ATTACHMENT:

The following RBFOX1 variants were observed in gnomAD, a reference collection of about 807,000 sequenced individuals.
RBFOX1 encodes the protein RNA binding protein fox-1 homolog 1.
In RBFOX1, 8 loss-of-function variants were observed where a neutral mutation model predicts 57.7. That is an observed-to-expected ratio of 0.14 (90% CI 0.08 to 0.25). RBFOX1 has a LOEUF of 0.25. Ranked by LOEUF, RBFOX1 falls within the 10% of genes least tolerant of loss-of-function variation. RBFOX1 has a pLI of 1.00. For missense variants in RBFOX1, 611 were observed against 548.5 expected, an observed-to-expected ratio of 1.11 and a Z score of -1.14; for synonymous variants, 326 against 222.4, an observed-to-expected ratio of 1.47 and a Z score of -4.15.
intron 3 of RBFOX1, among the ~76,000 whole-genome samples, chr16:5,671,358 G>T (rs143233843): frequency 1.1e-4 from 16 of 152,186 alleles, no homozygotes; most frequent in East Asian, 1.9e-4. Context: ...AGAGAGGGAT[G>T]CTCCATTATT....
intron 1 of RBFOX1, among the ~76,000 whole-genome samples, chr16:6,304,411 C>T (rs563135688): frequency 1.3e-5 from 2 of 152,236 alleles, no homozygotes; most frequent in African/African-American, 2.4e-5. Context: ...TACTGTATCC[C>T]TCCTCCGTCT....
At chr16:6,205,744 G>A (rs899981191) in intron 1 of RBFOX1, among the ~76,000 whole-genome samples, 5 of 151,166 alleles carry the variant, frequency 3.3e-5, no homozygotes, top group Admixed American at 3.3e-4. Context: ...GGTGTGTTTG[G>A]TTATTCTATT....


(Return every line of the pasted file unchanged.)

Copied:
The following RBFOX1 variants were observed in gnomAD, a reference collection of about 807,000 sequenced individuals.
RBFOX1 encodes the protein RNA binding protein fox-1 homolog 1.
In RBFOX1, 8 loss-of-function variants were observed where a neutral mutation model predicts 57.7. That is an observed-to-expected ratio of 0.14 (90% CI 0.08 to 0.25). RBFOX1 has a LOEUF of 0.25. Ranked by LOEUF, RBFOX1 falls within the 10% of genes least tolerant of loss-of-function variation. RBFOX1 has a pLI of 1.00. For missense variants in RBFOX1, 611 were observed against 548.5 expected, an observed-to-expected ratio of 1.11 and a Z score of -1.14; for synonymous variants, 326 against 222.4, an observed-to-expected ratio of 1.47 and a Z score of -4.15.
intron 3 of RBFOX1, among the ~76,000 whole-genome samples, chr16:5,671,358 G>T (rs143233843): frequency 1.1e-4 from 16 of 152,186 alleles, no homozygotes; most frequent in East Asian, 1.9e-4. Context: ...AGAGAGGGAT[G>T]CTCCATTATT....
intron 1 of RBFOX1, among the ~76,000 whole-genome samples, chr16:6,304,411 C>T (rs563135688): frequency 1.3e-5 from 2 of 152,236 alleles, no homozygotes; most frequent in African/African-American, 2.4e-5. Context: ...TACTGTATCC[C>T]TCCTCCGTCT....
At chr16:6,205,744 G>A (rs899981191) in intron 1 of RBFOX1, among the ~76,000 whole-genome samples, 5 of 151,166 alleles carry the variant, frequency 3.3e-5, no homozygotes, top group Admixed American at 3.3e-4. Context: ...GGTGTGTTTG[G>A]TTATTCTATT....